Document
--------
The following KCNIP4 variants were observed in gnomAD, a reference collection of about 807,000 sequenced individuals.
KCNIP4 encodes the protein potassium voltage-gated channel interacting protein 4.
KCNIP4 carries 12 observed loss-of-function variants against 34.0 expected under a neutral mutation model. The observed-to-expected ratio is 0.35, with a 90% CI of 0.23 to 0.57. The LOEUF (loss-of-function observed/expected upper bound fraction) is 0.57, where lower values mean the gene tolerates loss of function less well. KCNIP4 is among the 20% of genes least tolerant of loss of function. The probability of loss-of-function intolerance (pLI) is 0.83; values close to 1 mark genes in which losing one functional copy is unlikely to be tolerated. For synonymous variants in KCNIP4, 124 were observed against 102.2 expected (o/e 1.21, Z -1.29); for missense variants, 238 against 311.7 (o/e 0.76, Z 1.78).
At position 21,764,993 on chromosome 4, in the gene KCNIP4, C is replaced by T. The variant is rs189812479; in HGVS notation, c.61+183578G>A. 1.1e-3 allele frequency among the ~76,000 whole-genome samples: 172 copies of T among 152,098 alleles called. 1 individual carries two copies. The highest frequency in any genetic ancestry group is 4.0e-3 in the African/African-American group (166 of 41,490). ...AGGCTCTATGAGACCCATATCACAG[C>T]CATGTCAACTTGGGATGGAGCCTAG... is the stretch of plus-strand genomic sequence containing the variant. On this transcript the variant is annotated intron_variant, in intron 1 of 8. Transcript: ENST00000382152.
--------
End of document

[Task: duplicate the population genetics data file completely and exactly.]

The following KCNIP4 variants were observed in gnomAD, a reference collection of about 807,000 sequenced individuals.
KCNIP4 encodes the protein potassium voltage-gated channel interacting protein 4.
KCNIP4 carries 12 observed loss-of-function variants against 34.0 expected under a neutral mutation model. The observed-to-expected ratio is 0.35, with a 90% CI of 0.23 to 0.57. The LOEUF (loss-of-function observed/expected upper bound fraction) is 0.57, where lower values mean the gene tolerates loss of function less well. KCNIP4 is among the 20% of genes least tolerant of loss of function. The probability of loss-of-function intolerance (pLI) is 0.83; values close to 1 mark genes in which losing one functional copy is unlikely to be tolerated. For synonymous variants in KCNIP4, 124 were observed against 102.2 expected (o/e 1.21, Z -1.29); for missense variants, 238 against 311.7 (o/e 0.76, Z 1.78).
At position 21,764,993 on chromosome 4, in the gene KCNIP4, C is replaced by T. The variant is rs189812479; in HGVS notation, c.61+183578G>A. 1.1e-3 allele frequency among the ~76,000 whole-genome samples: 172 copies of T among 152,098 alleles called. 1 individual carries two copies. The highest frequency in any genetic ancestry group is 4.0e-3 in the African/African-American group (166 of 41,490). ...AGGCTCTATGAGACCCATATCACAG[C>T]CATGTCAACTTGGGATGGAGCCTAG... is the stretch of plus-strand genomic sequence containing the variant. On this transcript the variant is annotated intron_variant, in intron 1 of 8. Transcript: ENST00000382152.